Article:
Farmers taking action, exploring changes

Jordan Gerard

As a follow up to the first farmer roundtable meeting held earlier this winter, another meeting was held to talk about breaking down barriers and taking the next steps.

It was hosted on Wednesday morning, May 29, at Trinity Lutheran Church. The last of Wold’s strawberry crop that survived the hailstorm last year were served with shortcake and whip cream. 

As a preface to the meeting, the Rev. Elizabeth Hermeier read a note from Lara Wold Mendez about the berries, “These are the last of the berries from the day of the storm. It hailed and was windy for about 15 minutes, bringing ruin and destroying our berries. I went into panic mode and went to see if the berries were OK. Some were untouched, others were only OK. I decided to salvage some and picked for hours. We froze them and they’ve sort of multiplied into jam, smoothies and now here. These berries are more special to us. We appreciated less than perfect berries including small ones and odd shaped ones. It was life-changing.”

And eventually in the meeting, the discussion turned to alternative crops, ideas and ways for farmers to keep their lifestyle going.

Hermeier also compiled a booklet of resources for farmers that includes local resources such as Workforce Development, Sustainable Farming Association and more; agricultural alternatives; Extension office resources; resources to help with stress; and podcasts, videos and articles of interest. 

Copies of those are available by contacting Houston County Economic Development Authority (EDA) Director Allison Wagner at or 507-458-2492. The booklet will also be available online soon, most likely on the Houston County EDA website.

She also noted while talking to a family member, there’s more that the land can do for farmers besides just farming.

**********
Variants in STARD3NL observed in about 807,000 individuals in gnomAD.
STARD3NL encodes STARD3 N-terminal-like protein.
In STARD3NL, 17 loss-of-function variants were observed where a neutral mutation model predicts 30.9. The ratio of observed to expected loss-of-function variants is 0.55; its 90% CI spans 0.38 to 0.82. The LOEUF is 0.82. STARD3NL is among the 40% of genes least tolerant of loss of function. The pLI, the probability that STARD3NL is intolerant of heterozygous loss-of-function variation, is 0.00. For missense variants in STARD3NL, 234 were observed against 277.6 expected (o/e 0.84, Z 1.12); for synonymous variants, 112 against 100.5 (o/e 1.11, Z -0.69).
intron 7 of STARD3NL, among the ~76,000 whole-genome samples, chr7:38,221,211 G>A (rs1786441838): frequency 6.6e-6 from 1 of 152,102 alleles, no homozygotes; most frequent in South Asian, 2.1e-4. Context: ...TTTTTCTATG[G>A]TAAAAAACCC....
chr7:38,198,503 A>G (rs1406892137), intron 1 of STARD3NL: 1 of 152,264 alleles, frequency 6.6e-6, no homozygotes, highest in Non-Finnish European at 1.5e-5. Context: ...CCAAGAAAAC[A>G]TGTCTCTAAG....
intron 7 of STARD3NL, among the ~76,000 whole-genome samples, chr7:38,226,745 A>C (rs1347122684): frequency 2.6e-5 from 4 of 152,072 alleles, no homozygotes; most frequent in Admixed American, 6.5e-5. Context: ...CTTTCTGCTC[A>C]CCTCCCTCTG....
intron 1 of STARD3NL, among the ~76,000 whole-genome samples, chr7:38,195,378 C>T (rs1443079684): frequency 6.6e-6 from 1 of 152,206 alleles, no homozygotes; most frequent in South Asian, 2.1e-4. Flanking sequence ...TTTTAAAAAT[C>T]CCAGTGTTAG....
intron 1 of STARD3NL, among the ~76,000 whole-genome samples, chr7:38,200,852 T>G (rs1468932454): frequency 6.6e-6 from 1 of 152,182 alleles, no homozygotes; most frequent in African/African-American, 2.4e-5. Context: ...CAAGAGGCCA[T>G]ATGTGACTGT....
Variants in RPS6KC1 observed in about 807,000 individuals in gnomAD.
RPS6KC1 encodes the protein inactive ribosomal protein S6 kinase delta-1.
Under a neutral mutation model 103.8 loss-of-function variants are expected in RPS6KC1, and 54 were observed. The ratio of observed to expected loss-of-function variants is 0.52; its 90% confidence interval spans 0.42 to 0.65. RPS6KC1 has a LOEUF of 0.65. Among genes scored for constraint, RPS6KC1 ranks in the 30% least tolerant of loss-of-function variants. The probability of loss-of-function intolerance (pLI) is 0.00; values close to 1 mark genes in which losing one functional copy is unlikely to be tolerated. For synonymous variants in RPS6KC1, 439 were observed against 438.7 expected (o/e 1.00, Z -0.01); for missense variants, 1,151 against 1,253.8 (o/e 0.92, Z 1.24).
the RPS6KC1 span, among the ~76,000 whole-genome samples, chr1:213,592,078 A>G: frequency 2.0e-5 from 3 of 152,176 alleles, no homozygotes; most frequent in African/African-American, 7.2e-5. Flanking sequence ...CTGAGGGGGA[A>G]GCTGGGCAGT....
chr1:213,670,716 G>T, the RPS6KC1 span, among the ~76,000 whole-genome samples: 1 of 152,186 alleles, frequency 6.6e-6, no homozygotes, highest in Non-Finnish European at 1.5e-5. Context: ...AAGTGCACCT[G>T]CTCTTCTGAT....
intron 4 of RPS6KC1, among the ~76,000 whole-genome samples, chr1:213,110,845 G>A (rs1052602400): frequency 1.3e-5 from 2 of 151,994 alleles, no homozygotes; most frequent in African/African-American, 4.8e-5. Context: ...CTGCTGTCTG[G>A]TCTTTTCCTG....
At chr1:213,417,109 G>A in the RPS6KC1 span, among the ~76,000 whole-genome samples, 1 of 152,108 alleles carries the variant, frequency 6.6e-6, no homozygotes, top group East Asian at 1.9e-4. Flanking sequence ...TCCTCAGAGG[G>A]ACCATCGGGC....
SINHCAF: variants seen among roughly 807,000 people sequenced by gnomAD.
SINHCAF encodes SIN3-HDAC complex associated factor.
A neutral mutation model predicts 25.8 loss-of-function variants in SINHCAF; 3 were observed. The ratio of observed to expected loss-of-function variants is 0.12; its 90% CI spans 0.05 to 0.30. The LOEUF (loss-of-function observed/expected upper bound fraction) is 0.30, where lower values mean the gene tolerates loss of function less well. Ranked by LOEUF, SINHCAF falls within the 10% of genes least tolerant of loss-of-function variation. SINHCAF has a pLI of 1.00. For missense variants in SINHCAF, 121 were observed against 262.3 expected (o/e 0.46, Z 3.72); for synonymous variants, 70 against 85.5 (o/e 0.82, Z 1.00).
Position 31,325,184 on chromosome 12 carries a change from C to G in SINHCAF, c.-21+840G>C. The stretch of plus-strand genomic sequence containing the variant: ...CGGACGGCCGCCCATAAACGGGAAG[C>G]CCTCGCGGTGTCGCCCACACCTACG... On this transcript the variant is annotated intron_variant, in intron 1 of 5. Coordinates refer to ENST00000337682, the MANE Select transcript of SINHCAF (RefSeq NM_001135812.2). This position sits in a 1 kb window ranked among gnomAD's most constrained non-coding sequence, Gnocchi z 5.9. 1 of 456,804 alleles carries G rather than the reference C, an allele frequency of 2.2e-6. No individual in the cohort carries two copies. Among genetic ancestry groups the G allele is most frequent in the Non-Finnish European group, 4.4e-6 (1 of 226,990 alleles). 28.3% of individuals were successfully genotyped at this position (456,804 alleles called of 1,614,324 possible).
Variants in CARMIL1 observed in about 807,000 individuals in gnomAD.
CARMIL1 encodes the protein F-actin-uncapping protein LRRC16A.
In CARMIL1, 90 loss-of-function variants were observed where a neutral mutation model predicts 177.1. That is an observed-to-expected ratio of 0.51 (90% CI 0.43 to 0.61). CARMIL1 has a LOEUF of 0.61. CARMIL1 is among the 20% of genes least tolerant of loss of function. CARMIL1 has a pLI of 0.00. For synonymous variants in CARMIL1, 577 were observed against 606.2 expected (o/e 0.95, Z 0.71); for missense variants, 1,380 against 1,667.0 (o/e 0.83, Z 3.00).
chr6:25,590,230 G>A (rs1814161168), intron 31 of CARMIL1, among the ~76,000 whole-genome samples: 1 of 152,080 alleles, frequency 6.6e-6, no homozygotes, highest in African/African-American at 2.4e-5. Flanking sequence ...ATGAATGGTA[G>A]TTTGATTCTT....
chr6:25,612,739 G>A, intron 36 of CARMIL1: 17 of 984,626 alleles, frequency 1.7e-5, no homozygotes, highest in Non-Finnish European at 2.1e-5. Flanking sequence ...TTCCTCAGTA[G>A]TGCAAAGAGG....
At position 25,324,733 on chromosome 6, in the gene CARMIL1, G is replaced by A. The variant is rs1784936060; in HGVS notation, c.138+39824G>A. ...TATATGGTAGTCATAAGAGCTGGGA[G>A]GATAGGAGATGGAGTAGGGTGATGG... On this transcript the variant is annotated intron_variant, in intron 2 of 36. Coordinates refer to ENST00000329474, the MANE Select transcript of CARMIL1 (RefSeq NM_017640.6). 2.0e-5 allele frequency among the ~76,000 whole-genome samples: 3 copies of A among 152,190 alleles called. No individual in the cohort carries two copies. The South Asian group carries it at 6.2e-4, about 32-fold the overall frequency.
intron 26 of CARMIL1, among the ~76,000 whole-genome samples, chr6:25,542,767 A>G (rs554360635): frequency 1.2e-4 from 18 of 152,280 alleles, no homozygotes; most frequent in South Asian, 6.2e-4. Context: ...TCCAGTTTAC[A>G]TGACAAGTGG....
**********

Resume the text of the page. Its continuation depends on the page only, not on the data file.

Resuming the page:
“We were at a barn on a farm that had been rented out for parties, weddings, or what have you,” she said. “A lot of farmers rent their land to hunters who pay if they don’t have family that hunts. It opened my eyes to what this land can do for us when it doesn’t do what we want it to do.”

A new group in Houston County called Driftless Grown has also formed and the purpose is to connect farmers with other farmers in regional southeast Minnesota. 

The group is on Facebook and can be used for a number of things, such as farmers looking for temporary help, getting festivals together and farm tours, Wagner said. 

That group is also applying for an $18,000 grant from the Southern Minnesota Initiative Foundation (SMIF) to expand. 

They also plan to host a festival where locally grown products can be showcased and be available for sale.

In that way and others, communication with farmers has already been opened, and the group present at the May 29 meeting hopes more farmers will get involved.

“A lot of people say they want to network and they feel lonely,” Wagner added. “This is a good way to bring farmers together.”

Also taking place since the last meeting is Workforce Development Business Liaison Dee Slinde working on a grant to get a funding stream that will help farmers who have been dislocated due to them selling off their farm or livestock.

Essentially, farmers who have sold off their farm or large amounts of equipment or livestock can be identified as a dislocated worker, which means they can get supporting funds to be retrained for another career.

Work available to local farmers off the farm for extra income is also still available. It’s especially helpful with recent rainy days and forecasted rain amounts.

Value added

The group also tackled the hot button topic of value added, which for different farmers can mean different things.